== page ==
Joe Dever’s Lone Wolf HD Remastered Review | MOUSE n JOYPAD

Joe Dever’s Lone Wolf HD Remastered



If I had to sum up Joe Dever’s Lone Wolf HD Remastered  in one word, it would be great. The story? Great. The graphics? Great. All the elements needed to make a game enjoyable to play are definitely here, and are all pretty much solid. The story follows the Lone Wolf, a perpetually single warrior who (stop me if you’ve heard this before) is “the last of his kind” as he makes his way across the land. Not an original premise, I know, but this base gives way to some pretty good multiple choice storytelling. The game begins with the player choosing the attributes of the Lone Wolf, as there are many different ways to fashion the warrior. He could be direct, but reckless, or he could be calculated and methodical, but slower. These, amongst other choices, all come together to forge a unique play through, as these aspects change what options you can take when faced with dilemmas.

The game presents itself in a storybook fashion. There’s definitely a lot of text, which can be skipped if the player chooses. To advance the story, you physically turn the page using the mouse, or you can double click if you’re boring. The text is broken up by a few elements subtly moving images, quick time events, combat sections and choices. The images are well drawn, and all enhance the story. From hungry wolves who pant slightly to a woman literally swinging into action, these images suit the story well. The rest can be seen as hit or miss.

Quick time events (or QTE’s) are abundant in this game. For those of you who don’t know, a quick time event is a type of small challenge in the game. These usually consist of mundane button presses while something much more entertaining happens on screen. These are often use to (poorly) emulate action that happens to the characters, while taking pretty much all the control away from the player. The best example I can find is Asura’s Wrath, for Xbox 360. That game, while stylish and surprisingly entertaining, consists mainly of QTE’s. Many gamers hate quick time events, since they also have a habit of being placed at the worst possible times. Imagine this: You get to a cut scene, so you assume you’re safe to watch it. You put the controller down, and before you know it a button command flashes onto the screen for 5 milliseconds before your character’s head rolls across the floor. Feel cheated? Well, that was an often occurrence in Resident Evil 4. Moving on, this game is filled with them. But oddly enough, I don’t mind them here. I suppose it’s because the game slowly introduced the different commands you have to do, so they never came as too much of a surprise. It keeps you alert without catching you off guard.

The combat sections could be broadly written off as more quick time events. But I can honestly say they’re much more than that. I think it’s quite complex. Lone Wolf has four categories of attack: Holy Sword, Melee, Ranged and Magic. The Holy Sword (which has a name but it escapes me) casts very powerful strikes, but uses a lot of magic and cannot be used often. The melee attacks can be quick, slow or combined. The quick attack is obviously fast, but relatively weak. However it uses the least amount of stamina and is also less likely to be blocked or parried. The heavy attack is the opposite, it hits very hard but is slower, and is more likely to be blocked or parried. The combo attack is the most damaging, but needs a couple of successful quick time events to be effective. This uses the most stamina. Ranged attacks need ammo. You start with throwing knives which can be bought at merchants or found. The player has the option to throw a single one, or a fan to hit multiple enemies, or hit the same enemy multiple times. Finally magic can be used, but depends on the choices you made at the beginning of the game. Personally, my warrior could heal himself effectively, and also had access to several mental/psychic abilities, which allowed him to stun enemies and shield himself from attacks.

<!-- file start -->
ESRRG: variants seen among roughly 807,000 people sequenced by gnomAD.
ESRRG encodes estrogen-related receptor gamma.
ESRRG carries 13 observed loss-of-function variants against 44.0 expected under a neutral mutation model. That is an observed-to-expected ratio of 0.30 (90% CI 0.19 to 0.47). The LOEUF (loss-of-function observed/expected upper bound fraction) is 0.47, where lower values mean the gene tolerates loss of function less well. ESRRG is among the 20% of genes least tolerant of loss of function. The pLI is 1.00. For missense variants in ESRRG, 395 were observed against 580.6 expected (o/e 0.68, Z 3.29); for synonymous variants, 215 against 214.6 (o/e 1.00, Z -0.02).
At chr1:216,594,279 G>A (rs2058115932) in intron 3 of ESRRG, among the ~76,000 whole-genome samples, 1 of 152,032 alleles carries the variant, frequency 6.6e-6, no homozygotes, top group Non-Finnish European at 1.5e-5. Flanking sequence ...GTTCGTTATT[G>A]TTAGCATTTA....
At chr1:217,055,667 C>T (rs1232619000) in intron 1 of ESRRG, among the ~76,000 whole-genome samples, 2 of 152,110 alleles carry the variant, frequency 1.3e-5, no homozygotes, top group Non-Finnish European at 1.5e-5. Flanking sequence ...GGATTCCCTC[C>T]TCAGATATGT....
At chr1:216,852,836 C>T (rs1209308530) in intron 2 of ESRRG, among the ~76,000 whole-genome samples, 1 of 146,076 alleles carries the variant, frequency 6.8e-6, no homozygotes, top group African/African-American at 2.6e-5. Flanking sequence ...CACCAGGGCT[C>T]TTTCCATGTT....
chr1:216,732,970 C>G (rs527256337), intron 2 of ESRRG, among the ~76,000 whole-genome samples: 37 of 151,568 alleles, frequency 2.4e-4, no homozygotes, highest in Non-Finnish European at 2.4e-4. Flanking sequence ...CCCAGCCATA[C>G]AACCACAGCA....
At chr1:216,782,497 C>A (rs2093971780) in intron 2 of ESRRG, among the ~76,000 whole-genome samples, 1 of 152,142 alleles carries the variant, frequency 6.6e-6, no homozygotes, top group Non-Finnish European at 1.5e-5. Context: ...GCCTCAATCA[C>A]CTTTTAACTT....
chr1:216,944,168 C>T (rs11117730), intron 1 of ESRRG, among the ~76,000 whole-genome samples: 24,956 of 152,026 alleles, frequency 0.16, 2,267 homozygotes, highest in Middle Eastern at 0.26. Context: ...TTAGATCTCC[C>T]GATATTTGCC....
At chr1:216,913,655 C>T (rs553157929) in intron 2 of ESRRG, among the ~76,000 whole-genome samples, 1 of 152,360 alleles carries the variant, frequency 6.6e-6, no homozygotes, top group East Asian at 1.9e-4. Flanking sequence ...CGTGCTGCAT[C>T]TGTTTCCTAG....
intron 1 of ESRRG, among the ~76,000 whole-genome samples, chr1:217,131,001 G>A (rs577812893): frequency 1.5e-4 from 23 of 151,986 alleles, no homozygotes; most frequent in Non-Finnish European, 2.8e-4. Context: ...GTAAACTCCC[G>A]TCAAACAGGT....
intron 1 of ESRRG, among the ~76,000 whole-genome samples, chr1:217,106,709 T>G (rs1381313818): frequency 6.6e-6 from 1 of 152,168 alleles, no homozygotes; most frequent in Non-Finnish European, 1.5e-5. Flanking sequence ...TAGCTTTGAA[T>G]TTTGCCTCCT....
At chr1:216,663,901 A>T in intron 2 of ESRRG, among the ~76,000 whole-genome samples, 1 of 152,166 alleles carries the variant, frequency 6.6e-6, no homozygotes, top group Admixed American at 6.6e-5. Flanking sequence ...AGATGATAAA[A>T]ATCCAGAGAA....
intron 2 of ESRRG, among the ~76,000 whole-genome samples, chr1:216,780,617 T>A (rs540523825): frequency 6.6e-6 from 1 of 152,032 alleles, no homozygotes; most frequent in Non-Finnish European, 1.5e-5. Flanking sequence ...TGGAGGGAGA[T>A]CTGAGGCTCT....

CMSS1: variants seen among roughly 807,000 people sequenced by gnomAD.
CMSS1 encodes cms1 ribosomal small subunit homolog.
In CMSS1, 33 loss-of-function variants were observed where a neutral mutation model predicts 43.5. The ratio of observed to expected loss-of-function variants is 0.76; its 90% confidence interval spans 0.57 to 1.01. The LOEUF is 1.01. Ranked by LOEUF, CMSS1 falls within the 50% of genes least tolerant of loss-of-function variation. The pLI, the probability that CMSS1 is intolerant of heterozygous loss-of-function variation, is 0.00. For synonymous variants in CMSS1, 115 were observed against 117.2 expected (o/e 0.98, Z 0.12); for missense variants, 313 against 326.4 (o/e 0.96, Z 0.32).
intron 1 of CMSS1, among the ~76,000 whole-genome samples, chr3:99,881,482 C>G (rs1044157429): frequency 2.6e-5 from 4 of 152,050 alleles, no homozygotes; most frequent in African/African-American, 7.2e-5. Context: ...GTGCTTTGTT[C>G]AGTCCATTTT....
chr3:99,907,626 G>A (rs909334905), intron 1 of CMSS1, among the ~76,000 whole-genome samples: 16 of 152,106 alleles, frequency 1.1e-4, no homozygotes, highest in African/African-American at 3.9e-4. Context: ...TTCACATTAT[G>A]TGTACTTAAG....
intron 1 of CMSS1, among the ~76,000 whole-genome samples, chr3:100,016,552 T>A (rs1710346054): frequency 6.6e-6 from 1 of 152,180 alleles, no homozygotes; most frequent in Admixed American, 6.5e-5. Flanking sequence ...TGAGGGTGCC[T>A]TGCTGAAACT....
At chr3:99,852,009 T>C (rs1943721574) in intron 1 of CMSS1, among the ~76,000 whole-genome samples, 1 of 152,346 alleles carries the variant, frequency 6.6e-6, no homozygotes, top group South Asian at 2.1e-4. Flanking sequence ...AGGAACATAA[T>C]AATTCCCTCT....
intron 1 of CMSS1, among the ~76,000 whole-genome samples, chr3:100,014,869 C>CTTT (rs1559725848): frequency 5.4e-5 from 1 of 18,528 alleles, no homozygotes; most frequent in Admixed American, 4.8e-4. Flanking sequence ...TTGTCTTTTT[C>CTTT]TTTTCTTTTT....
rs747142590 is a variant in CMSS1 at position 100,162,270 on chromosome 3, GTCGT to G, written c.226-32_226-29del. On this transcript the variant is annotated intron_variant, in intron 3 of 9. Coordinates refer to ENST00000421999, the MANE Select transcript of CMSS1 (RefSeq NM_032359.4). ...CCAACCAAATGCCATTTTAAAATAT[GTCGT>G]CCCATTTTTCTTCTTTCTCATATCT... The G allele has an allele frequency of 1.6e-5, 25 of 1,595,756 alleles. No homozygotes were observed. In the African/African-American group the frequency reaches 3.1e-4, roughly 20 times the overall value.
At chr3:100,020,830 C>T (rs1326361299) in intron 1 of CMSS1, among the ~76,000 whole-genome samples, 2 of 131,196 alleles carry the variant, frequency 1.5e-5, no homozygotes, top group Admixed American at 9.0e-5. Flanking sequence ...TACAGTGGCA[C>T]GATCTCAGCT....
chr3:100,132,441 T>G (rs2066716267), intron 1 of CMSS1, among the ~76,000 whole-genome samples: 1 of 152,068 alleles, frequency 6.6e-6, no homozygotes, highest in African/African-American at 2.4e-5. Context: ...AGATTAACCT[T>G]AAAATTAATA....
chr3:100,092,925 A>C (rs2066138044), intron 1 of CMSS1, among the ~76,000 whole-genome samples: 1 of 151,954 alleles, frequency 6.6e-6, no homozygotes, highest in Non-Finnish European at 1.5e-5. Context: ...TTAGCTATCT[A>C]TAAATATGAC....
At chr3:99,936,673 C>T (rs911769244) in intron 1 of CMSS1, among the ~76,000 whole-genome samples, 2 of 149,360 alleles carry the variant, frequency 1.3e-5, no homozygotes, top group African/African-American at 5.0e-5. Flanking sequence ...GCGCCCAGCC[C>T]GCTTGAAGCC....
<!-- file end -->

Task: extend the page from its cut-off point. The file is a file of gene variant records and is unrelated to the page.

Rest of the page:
Finally, the choices themselves are pretty interesting. They allow you to choose how you approach a particular problem. Early in the adventure, you find a woman being harassed by some monsters. You had the choice of charging on in there, staying back and mindblasting them to give yourself an edge, or get closer to get a better look at the woman. I chose to use my mental powers and stun them, which in turn gave the supposed damsel in distress to get out a crossbow and mercilessly mow them down. A lot of these choices inside the storybook sections will lead to quick time events, which need you to rapid click or drag in a certain direction. Everything I’ve mentioned so far is open to personal likes. Usually I hate quick time events, with timed button presses and the like. But everything here works. Unfortunately,  I do have one complaint. One very large complaint.

This game is a mobile port. Oh yes, I did my research beforehand this time. I looked for it, and there it was, looking me in the eye on the App Store. For free. And as someone brought to my attention, there is a possibility that the mobile game isn’t the complete version, and you have to keep paying to play. But there lies the issue. They can choose to pay or not. I looked on Lone Wolf’s Steam page. £10.99. I am aware that the free version on mobile is basically a demo, and that only the first chapter is available. But do the PC gamers get a free demo? No. You buy the full thing, and if you don’t like it, tough. John Dever’s Lone Wolf HD Remastered (quite a mouthful) is a very good game, just look at the scores I gave it. But like most PC ports of mobile games, it feels… dishonest. And unclean. It feels like PC gamers are being punished just for the platform we chose. And gamers should never really feel that way, since it doesn’t matter what platform you play on, as long as you enjoy the game. Isn’t that what it’s all about?